In January 2021, according to the US Energy Information Agency in the United States there were 1,852 coal and natural gas power plants that generated electricity. By 2035, to hit President Biden’s target all of these power plants will have to be either shut down or converted into zero-emissions power plants (using carbon capture and storage technologies that presently do not exist). There are 164 months until 2035. That means that more than 11 of the fossil fuel power plants operational in January 2021 will need to be closed every month, on average, starting today until 2035.
And of course there is nothing out there remotely capable of filling the gap caused by shuttering those 1,852 plants. Wind and solar, even if you blanket the country with them, are next to useless without keeping the majority of the coal and natural gas plants as backup. Nuclear? Theoretically it could work, but given the lead times involved there would have to be hundreds of such plants already far along in planning and construction to try to meet this kind of goal. There aren’t. And the same environmentalists demanding an end to fossil fuels also oppose nuclear with equal fanaticism, and would be there to block you at every step of the process.
For a closer look at reality on the ground, let’s consider some recent developments in New York. New York fancies itself as the great climate messiah, leading the country and even the world into the future zero emissions utopia. In 2019 New York enacted something called the Climate Leadership and Community Protection Act, which they describe on their website as follows:
On July 18, 2019, Governor Andrew M. Cuomo signed into law the Climate Leadership and Community Protection Act (Climate Act). New York State’s Climate Act is the among the most ambitious climate laws in the world and requires New York to reduce economy-wide greenhouse gas emissions 40 percent by 2030 and no less than 85 percent by 2050 from 1990 levels.
Regulations to implement these drastic emissions reductions mandated by the law were finalized by the Governor in December 2020. Surely,, then, we are well off to a great start on our emissions reductions?
Actually, at the same time as we have adopted this noble-sounding Act and regulations, what we’ve really been doing is closing our big zero-emissions nuclear power plant and replacing it with brand-new natural gas facilities. Until last year, about 25 – 30% of the electricity for New York City came from a nuclear plant about 40 miles north of the City called Indian Point. Even as he has also talked endlessly about carbon emissions reductions, Governor Andrew Cuomo has made closing the Indian Point reactors a political priority. Of the two operating reactors at Indian Point, one closed in 2020, and the second is now scheduled to cease operations on April 30, 2021 — that is, at the end of the current week.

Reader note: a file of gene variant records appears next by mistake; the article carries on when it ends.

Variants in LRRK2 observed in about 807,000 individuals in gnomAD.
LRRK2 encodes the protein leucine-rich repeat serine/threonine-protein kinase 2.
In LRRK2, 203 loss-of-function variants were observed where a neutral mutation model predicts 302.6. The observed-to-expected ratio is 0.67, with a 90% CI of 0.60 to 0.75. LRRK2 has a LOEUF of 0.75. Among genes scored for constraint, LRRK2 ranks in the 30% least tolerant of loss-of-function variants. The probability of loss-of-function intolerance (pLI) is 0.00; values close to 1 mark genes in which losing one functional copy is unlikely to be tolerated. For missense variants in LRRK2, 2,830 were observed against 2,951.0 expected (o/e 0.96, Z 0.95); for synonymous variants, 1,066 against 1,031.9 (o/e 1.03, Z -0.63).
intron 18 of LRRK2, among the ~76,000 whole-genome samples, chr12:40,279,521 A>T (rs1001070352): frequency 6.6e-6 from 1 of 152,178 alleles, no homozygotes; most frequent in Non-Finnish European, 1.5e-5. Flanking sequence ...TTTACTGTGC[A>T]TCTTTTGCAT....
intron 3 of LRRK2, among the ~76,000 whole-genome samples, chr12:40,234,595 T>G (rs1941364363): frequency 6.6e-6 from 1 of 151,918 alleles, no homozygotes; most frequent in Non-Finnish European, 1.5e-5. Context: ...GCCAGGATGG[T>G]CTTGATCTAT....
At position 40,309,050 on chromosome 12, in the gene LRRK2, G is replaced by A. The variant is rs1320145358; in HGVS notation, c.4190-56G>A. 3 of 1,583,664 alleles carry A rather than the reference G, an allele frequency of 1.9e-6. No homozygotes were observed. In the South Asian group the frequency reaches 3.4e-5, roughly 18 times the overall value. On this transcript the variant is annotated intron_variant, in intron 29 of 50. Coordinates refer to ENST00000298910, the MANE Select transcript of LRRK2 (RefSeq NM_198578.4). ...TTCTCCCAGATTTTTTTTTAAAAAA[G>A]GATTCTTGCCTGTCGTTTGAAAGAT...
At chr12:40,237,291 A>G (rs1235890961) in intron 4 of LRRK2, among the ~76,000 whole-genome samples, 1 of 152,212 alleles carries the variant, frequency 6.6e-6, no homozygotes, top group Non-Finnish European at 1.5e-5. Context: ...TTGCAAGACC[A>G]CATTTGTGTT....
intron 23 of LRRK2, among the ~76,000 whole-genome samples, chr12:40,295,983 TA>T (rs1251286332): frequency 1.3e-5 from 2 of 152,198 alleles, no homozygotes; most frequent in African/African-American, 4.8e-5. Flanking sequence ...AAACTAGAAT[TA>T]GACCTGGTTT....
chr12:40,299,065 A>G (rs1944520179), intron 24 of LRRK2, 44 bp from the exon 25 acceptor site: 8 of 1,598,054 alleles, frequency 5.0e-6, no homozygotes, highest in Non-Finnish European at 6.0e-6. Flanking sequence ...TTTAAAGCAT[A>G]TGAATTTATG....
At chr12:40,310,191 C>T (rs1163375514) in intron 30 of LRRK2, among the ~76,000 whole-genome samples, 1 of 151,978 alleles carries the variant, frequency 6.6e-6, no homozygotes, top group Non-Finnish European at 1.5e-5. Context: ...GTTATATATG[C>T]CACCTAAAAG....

But they couldn’t close Indian Point without something to replace the power. And so, two big new natural gas-burning facilities have opened in the past few years. First, a 680 MW natural gas plant called CPV Valley Energy Center opened in Wawayanda, New York in February 2018; and then a 1000 MW natural gas plant called Cricket Valley Energy Center opened in Dover, New York, in April 2020.
Supposedly the big solution going forward is going to be vast amounts of offshore wind turbines to be built out in the Atlantic Ocean off Long Island. So far, it’s nothing but talk. One of the proposals to advance the farthest calls for a big 15 wind turbines off the Eastern tip of the island. But if the turbines are built, the power will need to come onshore by cable at some location. In January the Town of East Hampton granted an easement for the cable to come onshore in an area called Wainscott — and immediately a group of wealthy homeowners in the area brought a lawsuit to block it. We’ll see where that goes.
But it gets even worse. Just last week, something called the Bureau of Ocean Energy Management in the federal government canceled two of the wind energy development zones off Long Island. According to a report April 20 in the Wall Street Journal:
“Bureau of Ocean Energy Management officials said the zones off the island’s coast raised problems with maritime traffic, marine life feeding areas, and concerns over visibility from South Shore beaches. In short, they were a nuisance to fishermen, shippers and gentry with homes in the tony Hamptons area full of Manhattanites during the summer.”
In other words, despite the big talk, and lots of spending and subsidies, all the “progress” so far towards zero emissions has been negative.